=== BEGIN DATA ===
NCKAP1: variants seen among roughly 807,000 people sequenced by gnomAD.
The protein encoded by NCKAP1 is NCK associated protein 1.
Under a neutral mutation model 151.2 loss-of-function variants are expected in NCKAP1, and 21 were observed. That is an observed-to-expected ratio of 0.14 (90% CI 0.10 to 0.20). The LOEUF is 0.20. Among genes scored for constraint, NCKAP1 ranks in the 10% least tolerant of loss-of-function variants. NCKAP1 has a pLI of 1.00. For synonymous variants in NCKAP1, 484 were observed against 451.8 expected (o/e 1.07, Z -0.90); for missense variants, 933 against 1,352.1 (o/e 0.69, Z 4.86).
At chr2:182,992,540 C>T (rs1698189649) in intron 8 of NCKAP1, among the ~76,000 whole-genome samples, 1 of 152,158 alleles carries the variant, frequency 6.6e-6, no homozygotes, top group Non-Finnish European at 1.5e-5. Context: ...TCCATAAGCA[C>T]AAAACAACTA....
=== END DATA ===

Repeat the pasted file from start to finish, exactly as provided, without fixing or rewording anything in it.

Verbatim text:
NCKAP1: variants seen among roughly 807,000 people sequenced by gnomAD.
The protein encoded by NCKAP1 is NCK associated protein 1.
Under a neutral mutation model 151.2 loss-of-function variants are expected in NCKAP1, and 21 were observed. That is an observed-to-expected ratio of 0.14 (90% CI 0.10 to 0.20). The LOEUF is 0.20. Among genes scored for constraint, NCKAP1 ranks in the 10% least tolerant of loss-of-function variants. NCKAP1 has a pLI of 1.00. For synonymous variants in NCKAP1, 484 were observed against 451.8 expected (o/e 1.07, Z -0.90); for missense variants, 933 against 1,352.1 (o/e 0.69, Z 4.86).
At chr2:182,992,540 C>T (rs1698189649) in intron 8 of NCKAP1, among the ~76,000 whole-genome samples, 1 of 152,158 alleles carries the variant, frequency 6.6e-6, no homozygotes, top group Non-Finnish European at 1.5e-5. Context: ...TCCATAAGCA[C>T]AAAACAACTA....